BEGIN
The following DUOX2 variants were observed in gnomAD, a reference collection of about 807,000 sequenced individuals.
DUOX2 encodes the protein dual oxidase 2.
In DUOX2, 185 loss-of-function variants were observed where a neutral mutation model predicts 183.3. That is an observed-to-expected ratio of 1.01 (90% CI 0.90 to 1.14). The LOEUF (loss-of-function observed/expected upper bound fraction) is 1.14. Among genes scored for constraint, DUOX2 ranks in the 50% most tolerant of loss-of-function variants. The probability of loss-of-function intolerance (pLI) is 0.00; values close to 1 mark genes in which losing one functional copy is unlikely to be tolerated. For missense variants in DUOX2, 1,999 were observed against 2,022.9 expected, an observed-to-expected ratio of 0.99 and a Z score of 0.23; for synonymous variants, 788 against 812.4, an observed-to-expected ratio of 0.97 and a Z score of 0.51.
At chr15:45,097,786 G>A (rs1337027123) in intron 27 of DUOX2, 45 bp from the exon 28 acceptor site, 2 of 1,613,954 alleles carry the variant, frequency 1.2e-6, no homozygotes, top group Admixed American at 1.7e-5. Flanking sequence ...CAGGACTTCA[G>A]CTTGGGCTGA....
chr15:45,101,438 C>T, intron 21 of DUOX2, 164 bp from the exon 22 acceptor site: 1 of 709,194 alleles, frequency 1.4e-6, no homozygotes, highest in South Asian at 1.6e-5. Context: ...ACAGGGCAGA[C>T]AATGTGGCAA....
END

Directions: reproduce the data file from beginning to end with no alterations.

The following DUOX2 variants were observed in gnomAD, a reference collection of about 807,000 sequenced individuals.
DUOX2 encodes the protein dual oxidase 2.
In DUOX2, 185 loss-of-function variants were observed where a neutral mutation model predicts 183.3. That is an observed-to-expected ratio of 1.01 (90% CI 0.90 to 1.14). The LOEUF (loss-of-function observed/expected upper bound fraction) is 1.14. Among genes scored for constraint, DUOX2 ranks in the 50% most tolerant of loss-of-function variants. The probability of loss-of-function intolerance (pLI) is 0.00; values close to 1 mark genes in which losing one functional copy is unlikely to be tolerated. For missense variants in DUOX2, 1,999 were observed against 2,022.9 expected, an observed-to-expected ratio of 0.99 and a Z score of 0.23; for synonymous variants, 788 against 812.4, an observed-to-expected ratio of 0.97 and a Z score of 0.51.
At chr15:45,097,786 G>A (rs1337027123) in intron 27 of DUOX2, 45 bp from the exon 28 acceptor site, 2 of 1,613,954 alleles carry the variant, frequency 1.2e-6, no homozygotes, top group Admixed American at 1.7e-5. Flanking sequence ...CAGGACTTCA[G>A]CTTGGGCTGA....
chr15:45,101,438 C>T, intron 21 of DUOX2, 164 bp from the exon 22 acceptor site: 1 of 709,194 alleles, frequency 1.4e-6, no homozygotes, highest in South Asian at 1.6e-5. Context: ...ACAGGGCAGA[C>T]AATGTGGCAA....